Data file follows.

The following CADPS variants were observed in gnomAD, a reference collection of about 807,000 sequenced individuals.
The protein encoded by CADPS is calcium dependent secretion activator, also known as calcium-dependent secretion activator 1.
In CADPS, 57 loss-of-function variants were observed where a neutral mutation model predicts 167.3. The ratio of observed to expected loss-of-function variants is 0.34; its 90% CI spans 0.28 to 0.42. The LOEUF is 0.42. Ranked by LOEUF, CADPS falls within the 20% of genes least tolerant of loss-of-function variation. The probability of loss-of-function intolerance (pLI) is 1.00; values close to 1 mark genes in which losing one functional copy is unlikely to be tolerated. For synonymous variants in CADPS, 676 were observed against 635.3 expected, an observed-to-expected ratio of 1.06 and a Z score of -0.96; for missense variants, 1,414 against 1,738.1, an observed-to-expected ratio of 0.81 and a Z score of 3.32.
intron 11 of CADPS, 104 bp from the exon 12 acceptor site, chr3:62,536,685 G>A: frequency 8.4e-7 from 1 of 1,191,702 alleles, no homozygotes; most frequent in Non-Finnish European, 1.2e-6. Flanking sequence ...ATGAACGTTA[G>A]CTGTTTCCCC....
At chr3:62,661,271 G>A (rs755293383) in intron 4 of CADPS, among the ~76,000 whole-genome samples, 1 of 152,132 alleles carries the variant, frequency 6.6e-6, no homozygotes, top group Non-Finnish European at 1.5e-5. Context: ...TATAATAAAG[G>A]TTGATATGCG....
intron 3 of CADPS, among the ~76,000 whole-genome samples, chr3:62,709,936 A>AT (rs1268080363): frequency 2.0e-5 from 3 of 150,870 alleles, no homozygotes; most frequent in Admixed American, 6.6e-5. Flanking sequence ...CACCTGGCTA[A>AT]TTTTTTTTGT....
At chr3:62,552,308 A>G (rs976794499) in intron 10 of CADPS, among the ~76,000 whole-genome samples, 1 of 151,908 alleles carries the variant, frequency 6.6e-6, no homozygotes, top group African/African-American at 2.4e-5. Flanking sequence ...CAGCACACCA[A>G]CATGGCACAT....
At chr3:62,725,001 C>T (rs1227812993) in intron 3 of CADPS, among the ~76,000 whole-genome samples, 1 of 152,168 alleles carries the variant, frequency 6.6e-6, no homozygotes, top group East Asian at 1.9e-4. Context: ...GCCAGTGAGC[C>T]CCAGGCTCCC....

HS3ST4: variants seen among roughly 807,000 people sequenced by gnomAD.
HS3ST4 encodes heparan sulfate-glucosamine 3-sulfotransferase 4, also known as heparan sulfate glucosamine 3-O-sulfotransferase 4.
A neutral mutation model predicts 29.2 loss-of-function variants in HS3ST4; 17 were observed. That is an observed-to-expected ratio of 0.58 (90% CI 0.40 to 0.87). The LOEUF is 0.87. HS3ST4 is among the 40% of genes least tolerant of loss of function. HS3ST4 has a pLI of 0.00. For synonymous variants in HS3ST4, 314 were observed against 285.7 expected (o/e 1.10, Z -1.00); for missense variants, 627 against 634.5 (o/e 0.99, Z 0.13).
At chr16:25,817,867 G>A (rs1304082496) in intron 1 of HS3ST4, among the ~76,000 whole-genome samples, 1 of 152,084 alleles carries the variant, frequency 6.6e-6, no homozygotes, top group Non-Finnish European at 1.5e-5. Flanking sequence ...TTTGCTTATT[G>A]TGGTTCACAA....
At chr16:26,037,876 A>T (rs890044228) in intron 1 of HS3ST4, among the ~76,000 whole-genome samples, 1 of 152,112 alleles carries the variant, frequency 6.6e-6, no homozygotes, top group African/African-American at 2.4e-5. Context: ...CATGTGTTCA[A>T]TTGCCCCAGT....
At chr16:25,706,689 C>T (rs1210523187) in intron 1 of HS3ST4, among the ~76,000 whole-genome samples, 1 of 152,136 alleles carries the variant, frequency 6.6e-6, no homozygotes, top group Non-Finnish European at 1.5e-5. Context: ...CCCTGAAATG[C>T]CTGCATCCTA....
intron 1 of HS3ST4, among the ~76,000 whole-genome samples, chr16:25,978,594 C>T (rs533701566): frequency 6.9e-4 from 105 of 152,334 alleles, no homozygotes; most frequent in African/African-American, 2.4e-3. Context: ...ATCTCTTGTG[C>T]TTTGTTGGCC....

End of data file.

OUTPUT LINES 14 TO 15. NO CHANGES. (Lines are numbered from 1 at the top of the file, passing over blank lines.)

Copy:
At chr16:25,706,689 C>T (rs1210523187) in intron 1 of HS3ST4, among the ~76,000 whole-genome samples, 1 of 152,136 alleles carries the variant, frequency 6.6e-6, no homozygotes, top group Non-Finnish European at 1.5e-5. Context: ...CCCTGAAATG[C>T]CTGCATCCTA....
intron 1 of HS3ST4, among the ~76,000 whole-genome samples, chr16:25,978,594 C>T (rs533701566): frequency 6.9e-4 from 105 of 152,334 alleles, no homozygotes; most frequent in African/African-American, 2.4e-3. Context: ...ATCTCTTGTG[C>T]TTTGTTGGCC....